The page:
The controversy that surrounded Stanley Kubrick's adaptation of Anthony Burgess's dystopian novel A Clockwork Orange while the film was out of circulation suggested that it was like Romper Stomper: a glamorisation of the violent, virile lifestyle of its teenage protagonist, with a hypocritical gloss of condemnation to mask delight in rape and ultra-violence. Actually, it is as fable-like and abstract as The Pilgrim's Progress, with characters deliberately played as goonish sitcom creations. The anarchic rampage of Alex (Malcolm McDowell), a bowler-hatted juvenile delinquent... of the future, is all over at the end of the first act. Apprehended by equally brutal authorities, he changes from defiant thug to cringing bootlicker, volunteering for a behaviourist experiment that removes his capacity to do evil.It's all stylised: from Burgess' invented pidgin Russian (snarled unforgettably by McDowell) to 2001-style slow tracks through sculpturally perfect sets (as with many Kubrick movies, the story could be told through decor alone) and exaggerated, grotesque performances on a par with those of Dr Strangelove (especially from Patrick Magee and Aubrey Morris). Made in 1971, based on a novel from 1962, A Clockwork Orange resonates across the years. Its future is now quaint, with Magee pecking out "subversive literature" on a giant IBM typewriter and "lovely, lovely Ludwig Van" on mini-cassette tapes. However, the world of "Municipal Flat Block 18A, Linear North" is very much with us: a housing estate where classical murals are obscenely vandalised, passers-by are rare and yobs loll about with nothing better to do than hurt people. On the DVD: The extras are skimpy, with just an impressionist trailer in the style of the film used to brainwash Alex and a list of awards for which Clockwork Orange was nominated and awarded. The box promises soundtracks in English, French and Italian and subtitles in ten languages, but the disc just has two English soundtracks (mono and Dolby Surround 5.1) and two sets of English subtitles. The terrific-looking "digitally restored and remastered" print is letterboxed at 1.66:1 and on a widescreen TV plays best at 14:9. The film looks as good as it ever has, with rich stable colours (especially and appropriately the orangey-red of the credits and the blood) and a clarity that highlights previously unnoticed details such as Alex's gouged eyeball cufflinks and enables you to read the newspaper articles which flash by. The 5.1 soundtrack option is amazingly rich, benefiting the nuances of performance as much as the classical/electronic music score and the subtly unsettling sound effects. --Kim Newman [show more]
"A Clockwork Orange", released in 1971 was one of the most controversial films of its time, and quite possibly still is. With the first half of the film revolving around shocking scenes of violence and rape, it's not surprising that many viewers fail to realise what this film is really about. In an attempt not to spoil this fantastic film for first time viewers, all i can really say is that it is quite simply one of the most thought provoking films of all time, reaching what may at first appear to be a reasonably disappointing conclusion, however before making any final judgements about this masterpiece, time should be spent considering the many questions raised by the film, not least of all those about the common youth culture which are possibly more relevant today than ever before. This is a true classic, even if it isnt for everyone. I would thoroughly recommend any serious cinema goers to watch this.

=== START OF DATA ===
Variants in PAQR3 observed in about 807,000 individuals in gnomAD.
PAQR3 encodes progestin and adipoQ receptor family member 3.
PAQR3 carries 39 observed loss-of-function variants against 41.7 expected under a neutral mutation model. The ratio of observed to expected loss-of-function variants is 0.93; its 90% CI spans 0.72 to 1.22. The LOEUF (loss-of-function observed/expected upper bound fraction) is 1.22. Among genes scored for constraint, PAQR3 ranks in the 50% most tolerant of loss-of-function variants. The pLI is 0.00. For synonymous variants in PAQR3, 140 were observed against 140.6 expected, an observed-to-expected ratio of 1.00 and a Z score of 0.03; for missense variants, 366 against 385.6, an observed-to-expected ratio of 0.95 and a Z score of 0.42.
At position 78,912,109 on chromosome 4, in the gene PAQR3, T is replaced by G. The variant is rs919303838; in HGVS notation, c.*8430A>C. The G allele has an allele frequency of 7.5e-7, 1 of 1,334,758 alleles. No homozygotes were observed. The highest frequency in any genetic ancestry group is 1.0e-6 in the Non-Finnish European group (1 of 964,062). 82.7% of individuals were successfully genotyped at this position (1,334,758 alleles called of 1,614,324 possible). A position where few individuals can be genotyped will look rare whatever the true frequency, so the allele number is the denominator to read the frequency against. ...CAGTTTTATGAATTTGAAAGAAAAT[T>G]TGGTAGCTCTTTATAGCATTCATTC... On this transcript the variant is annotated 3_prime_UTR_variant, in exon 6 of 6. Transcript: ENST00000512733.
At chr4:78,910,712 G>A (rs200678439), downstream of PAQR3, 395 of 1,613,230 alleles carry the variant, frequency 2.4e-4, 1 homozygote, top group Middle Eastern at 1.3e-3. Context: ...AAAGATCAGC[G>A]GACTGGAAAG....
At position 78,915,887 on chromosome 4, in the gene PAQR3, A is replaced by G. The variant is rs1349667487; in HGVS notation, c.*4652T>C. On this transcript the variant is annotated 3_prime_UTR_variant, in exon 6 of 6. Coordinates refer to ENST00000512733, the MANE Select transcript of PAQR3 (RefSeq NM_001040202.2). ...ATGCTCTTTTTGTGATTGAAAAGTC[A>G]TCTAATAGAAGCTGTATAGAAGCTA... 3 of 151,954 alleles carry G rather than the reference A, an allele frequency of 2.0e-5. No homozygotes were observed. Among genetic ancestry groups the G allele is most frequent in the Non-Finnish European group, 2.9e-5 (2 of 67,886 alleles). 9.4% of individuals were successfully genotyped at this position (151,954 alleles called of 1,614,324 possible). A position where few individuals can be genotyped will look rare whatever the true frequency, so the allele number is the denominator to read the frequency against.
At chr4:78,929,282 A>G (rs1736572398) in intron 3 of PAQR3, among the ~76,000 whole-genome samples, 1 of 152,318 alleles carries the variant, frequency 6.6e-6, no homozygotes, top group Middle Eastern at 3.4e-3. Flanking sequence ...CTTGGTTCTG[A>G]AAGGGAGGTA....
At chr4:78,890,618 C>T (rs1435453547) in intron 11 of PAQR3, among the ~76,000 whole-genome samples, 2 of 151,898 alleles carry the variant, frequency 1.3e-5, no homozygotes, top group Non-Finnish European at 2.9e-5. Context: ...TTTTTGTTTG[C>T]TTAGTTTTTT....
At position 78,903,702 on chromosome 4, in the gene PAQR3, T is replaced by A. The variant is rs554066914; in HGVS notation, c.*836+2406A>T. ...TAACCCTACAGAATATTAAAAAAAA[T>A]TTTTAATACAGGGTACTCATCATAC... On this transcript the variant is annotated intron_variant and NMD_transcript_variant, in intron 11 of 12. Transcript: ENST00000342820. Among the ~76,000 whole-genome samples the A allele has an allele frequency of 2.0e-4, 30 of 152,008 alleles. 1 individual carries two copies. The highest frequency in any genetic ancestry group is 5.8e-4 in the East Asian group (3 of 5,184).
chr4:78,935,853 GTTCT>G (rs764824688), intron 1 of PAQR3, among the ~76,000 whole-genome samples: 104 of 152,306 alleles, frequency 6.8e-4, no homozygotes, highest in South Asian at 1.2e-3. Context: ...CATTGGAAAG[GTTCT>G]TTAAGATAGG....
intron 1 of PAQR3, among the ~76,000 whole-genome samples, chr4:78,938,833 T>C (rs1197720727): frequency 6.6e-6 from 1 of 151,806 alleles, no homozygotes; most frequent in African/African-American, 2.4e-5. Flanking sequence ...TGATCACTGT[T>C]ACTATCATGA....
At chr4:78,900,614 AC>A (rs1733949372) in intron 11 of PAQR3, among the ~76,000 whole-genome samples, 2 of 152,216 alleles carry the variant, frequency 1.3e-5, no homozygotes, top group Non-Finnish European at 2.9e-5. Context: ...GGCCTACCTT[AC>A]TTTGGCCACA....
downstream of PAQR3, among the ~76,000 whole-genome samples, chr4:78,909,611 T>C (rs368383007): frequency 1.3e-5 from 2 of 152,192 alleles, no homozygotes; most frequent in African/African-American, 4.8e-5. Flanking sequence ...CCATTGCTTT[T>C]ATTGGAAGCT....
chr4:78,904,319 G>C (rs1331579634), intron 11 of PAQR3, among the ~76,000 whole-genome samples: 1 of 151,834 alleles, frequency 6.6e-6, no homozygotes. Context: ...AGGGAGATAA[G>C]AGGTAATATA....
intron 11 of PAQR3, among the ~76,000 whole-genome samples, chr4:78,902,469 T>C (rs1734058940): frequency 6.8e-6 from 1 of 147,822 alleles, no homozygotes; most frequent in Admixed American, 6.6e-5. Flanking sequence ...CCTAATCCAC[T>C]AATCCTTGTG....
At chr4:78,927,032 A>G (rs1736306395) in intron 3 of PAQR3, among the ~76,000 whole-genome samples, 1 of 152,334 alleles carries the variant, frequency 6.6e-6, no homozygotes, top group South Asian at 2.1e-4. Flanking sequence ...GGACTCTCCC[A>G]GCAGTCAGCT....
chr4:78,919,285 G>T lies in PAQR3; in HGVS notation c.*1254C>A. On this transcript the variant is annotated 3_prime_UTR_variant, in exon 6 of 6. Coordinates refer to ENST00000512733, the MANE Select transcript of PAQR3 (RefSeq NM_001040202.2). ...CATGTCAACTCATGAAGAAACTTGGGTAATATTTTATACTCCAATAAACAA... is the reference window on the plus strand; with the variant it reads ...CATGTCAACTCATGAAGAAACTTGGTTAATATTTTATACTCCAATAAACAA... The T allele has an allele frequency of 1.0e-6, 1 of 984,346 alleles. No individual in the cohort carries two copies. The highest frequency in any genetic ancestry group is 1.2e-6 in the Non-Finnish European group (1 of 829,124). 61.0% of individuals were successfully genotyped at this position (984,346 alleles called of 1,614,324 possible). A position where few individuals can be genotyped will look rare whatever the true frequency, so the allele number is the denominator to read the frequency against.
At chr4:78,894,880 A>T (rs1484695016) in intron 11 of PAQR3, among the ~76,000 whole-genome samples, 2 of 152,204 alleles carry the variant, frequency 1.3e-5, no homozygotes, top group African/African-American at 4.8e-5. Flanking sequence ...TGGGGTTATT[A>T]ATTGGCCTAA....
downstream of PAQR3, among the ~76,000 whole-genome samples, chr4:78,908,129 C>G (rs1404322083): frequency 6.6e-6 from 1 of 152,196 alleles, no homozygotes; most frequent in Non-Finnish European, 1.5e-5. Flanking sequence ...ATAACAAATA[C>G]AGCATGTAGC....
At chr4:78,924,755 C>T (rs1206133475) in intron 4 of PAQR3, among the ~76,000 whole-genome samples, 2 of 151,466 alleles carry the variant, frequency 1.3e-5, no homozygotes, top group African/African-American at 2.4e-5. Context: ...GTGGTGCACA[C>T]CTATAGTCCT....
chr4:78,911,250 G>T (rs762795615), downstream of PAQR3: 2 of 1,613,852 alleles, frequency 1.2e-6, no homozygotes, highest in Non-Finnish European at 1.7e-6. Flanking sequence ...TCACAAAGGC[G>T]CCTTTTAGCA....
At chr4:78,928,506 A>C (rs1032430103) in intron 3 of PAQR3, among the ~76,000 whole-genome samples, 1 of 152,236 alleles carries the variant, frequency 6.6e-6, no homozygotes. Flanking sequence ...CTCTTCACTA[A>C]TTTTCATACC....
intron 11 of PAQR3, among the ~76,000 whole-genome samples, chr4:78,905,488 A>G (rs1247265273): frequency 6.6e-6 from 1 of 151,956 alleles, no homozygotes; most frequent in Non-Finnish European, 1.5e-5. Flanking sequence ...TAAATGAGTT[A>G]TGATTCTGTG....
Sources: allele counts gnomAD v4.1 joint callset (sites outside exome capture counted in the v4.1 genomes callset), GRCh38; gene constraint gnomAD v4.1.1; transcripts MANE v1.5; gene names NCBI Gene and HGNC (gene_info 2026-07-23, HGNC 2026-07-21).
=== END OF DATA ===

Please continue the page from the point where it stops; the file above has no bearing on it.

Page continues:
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Please note this is a region 2 DVD and will require a region 2 (Europe) or region Free DVD Player in order to play. Stomping, whomping, stealing, singing, tap-dancing, violating. Derby-topped teddy-boy hooligan Alex has his own way of having a good time. He has it at the tragic expense of others. Alex's journey from amoral punk to brainwashed proper citizen forms the dynamic arc of Stanley Kubrick's future-shock vision of Anthony Burgess' novel. Unforgettable images startling musical counterpoints, the fascinating language used by Alex and his pals - Kubrick shapes them into a shattering whole. Hugely controversial when first released, A Clockwork Orange won the New York Film Critics Best Picture and Director honors and earned four Academy Award nominations, including best picture. The power of its art is such that it still entices, shocks and holds us in its grasp. Actors Malcolm McDowell, Patrick Magee, Michael Bates, Adrienne Corri, Aubrey Morris, James Marcus, Mariam Karlin, Steven Berkoff, John Clive & David Prowse Director Stanley Kubrick Certificate 18 years and over Year 1971 Screen Widescreen 1.66:1 Languages English - Dolby Digital (5.1) Additional Languages French ; Italian Subtitles English ; English For The Hard Of Hearing Duration 2 hours 12 minutes (approx) Region Region 2 - Will only play on European Region 2 or multi-region DVD players.
Stanley Kubrick's controversial film triggered copycat violence on its initial release and as a result the director withdrew the film from circulation in Britain, keeping it suppressed right up to his death in 1999. The film follows sadistic punk Alex (Malcolm McDowell) as he takes his gang on a rape and murder spree, showing absolutely no mercy to any of his victims. When he is eventually captured, the authorities subject him to a series of experiments designed to rid him of his violent tendencies.